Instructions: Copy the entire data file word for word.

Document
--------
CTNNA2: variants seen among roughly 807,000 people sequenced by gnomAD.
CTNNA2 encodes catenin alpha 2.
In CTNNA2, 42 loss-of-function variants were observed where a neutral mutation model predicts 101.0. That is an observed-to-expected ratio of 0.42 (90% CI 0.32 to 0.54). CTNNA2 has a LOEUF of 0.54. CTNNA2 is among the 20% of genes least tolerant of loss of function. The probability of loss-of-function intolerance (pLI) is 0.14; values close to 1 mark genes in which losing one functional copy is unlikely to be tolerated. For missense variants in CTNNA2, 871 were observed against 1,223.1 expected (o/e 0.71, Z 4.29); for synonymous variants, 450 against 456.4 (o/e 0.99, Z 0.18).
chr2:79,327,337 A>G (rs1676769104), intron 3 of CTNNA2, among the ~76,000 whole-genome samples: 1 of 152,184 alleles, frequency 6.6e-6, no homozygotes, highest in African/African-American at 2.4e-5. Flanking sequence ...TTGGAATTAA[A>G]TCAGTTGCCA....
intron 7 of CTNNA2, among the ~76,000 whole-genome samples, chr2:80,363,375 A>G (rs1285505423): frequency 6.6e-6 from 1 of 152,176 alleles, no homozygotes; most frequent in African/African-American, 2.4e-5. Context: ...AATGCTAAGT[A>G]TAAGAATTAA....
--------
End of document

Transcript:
CTNNA2: variants seen among roughly 807,000 people sequenced by gnomAD.
CTNNA2 encodes catenin alpha 2.
In CTNNA2, 42 loss-of-function variants were observed where a neutral mutation model predicts 101.0. That is an observed-to-expected ratio of 0.42 (90% CI 0.32 to 0.54). CTNNA2 has a LOEUF of 0.54. CTNNA2 is among the 20% of genes least tolerant of loss of function. The probability of loss-of-function intolerance (pLI) is 0.14; values close to 1 mark genes in which losing one functional copy is unlikely to be tolerated. For missense variants in CTNNA2, 871 were observed against 1,223.1 expected (o/e 0.71, Z 4.29); for synonymous variants, 450 against 456.4 (o/e 0.99, Z 0.18).
chr2:79,327,337 A>G (rs1676769104), intron 3 of CTNNA2, among the ~76,000 whole-genome samples: 1 of 152,184 alleles, frequency 6.6e-6, no homozygotes, highest in African/African-American at 2.4e-5. Flanking sequence ...TTGGAATTAA[A>G]TCAGTTGCCA....
intron 7 of CTNNA2, among the ~76,000 whole-genome samples, chr2:80,363,375 A>G (rs1285505423): frequency 6.6e-6 from 1 of 152,176 alleles, no homozygotes; most frequent in African/African-American, 2.4e-5. Context: ...AATGCTAAGT[A>G]TAAGAATTAA....